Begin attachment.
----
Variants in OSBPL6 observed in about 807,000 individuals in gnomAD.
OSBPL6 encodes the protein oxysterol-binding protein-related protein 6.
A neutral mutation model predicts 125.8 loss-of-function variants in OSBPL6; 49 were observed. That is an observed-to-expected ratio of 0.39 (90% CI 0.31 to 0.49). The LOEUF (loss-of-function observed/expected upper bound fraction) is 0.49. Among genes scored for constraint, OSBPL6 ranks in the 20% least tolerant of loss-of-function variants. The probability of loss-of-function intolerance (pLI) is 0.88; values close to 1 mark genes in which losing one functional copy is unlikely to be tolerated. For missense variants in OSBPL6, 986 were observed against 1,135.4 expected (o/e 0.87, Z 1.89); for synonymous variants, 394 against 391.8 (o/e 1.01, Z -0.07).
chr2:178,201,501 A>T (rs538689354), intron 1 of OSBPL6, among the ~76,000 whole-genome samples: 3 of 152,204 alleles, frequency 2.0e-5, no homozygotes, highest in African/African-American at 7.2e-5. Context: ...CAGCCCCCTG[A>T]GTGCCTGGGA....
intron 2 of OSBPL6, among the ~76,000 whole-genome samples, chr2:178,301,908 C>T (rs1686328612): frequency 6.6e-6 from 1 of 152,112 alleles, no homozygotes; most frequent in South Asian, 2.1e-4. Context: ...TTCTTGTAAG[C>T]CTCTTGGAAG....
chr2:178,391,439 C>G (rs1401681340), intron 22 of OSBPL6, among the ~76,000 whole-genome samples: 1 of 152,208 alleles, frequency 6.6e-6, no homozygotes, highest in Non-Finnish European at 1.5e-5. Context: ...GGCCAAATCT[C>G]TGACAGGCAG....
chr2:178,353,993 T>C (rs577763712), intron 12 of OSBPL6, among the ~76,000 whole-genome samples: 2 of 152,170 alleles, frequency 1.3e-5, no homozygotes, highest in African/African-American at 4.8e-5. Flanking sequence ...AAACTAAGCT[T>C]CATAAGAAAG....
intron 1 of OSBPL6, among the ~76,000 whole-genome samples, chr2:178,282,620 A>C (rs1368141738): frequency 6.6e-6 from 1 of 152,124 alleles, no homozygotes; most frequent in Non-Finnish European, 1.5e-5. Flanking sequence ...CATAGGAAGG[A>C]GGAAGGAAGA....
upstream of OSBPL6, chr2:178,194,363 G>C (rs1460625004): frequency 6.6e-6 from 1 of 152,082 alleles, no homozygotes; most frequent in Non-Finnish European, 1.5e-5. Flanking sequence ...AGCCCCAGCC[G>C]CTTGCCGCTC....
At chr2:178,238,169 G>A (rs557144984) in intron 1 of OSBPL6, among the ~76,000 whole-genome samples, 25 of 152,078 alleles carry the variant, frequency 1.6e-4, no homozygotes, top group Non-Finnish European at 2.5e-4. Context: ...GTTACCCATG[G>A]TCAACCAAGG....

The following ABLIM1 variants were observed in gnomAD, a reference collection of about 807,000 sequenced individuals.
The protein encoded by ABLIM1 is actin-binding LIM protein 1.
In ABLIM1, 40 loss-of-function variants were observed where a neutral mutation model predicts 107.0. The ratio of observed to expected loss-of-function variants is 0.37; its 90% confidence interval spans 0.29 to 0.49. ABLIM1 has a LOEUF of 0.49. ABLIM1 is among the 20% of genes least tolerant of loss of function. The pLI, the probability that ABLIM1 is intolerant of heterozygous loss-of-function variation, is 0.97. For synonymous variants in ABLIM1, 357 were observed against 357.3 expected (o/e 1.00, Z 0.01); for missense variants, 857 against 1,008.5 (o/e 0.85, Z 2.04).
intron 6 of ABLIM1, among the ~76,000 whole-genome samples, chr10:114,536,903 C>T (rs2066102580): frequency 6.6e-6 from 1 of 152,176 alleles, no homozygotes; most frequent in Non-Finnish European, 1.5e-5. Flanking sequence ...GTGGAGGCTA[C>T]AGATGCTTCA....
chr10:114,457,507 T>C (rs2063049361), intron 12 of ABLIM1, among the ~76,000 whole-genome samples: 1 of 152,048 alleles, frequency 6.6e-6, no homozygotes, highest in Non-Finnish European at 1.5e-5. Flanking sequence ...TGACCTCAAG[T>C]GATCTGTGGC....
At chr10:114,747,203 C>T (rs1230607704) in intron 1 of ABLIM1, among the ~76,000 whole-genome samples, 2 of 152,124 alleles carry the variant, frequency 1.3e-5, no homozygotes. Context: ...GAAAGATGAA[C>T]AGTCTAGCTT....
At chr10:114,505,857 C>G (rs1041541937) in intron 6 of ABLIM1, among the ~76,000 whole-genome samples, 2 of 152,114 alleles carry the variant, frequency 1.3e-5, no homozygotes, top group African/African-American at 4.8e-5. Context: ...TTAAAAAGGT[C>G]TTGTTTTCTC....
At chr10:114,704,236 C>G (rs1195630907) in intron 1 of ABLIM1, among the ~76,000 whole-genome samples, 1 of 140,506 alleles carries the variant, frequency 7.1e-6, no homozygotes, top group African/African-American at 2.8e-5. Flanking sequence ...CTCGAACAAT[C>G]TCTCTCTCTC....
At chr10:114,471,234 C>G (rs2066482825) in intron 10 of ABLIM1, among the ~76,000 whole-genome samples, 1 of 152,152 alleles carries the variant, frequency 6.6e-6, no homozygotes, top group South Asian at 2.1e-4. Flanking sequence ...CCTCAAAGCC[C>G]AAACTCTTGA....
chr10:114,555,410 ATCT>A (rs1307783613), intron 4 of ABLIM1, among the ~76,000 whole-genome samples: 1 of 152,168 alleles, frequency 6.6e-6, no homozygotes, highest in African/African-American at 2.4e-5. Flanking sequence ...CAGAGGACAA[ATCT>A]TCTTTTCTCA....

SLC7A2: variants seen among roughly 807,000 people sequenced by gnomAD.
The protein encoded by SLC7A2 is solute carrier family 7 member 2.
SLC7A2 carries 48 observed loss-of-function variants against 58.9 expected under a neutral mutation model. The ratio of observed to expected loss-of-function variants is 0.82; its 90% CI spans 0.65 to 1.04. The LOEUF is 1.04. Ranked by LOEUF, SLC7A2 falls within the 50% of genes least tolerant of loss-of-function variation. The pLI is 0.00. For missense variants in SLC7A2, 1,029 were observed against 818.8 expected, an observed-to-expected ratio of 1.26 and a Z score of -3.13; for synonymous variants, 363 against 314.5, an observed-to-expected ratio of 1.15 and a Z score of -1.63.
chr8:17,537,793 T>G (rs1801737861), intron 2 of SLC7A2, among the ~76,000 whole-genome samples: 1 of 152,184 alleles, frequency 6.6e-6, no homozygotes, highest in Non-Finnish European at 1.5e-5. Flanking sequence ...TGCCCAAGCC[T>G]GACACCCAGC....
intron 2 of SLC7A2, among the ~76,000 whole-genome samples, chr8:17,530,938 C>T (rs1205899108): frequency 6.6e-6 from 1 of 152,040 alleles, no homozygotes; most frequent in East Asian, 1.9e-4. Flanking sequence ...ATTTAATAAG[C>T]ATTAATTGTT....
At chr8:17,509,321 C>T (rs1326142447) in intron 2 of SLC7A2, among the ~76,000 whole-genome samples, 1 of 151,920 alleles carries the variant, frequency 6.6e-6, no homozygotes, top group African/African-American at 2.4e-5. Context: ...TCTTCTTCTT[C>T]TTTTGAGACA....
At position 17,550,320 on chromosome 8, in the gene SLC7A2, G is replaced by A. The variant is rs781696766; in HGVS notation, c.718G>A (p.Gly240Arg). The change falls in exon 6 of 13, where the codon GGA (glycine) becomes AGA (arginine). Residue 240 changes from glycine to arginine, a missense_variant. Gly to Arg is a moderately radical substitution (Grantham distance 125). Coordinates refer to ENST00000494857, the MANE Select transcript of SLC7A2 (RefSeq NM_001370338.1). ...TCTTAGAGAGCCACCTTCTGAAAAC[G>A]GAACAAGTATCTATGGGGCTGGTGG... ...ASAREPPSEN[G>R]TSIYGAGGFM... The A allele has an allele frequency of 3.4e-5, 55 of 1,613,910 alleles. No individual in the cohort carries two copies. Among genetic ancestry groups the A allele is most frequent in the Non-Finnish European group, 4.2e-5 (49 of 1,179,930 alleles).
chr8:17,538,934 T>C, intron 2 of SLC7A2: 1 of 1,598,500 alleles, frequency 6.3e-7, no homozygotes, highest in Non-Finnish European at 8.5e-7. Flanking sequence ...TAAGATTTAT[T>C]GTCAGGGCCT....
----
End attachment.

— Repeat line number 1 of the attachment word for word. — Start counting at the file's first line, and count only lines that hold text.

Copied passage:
Variants in OSBPL6 observed in about 807,000 individuals in gnomAD.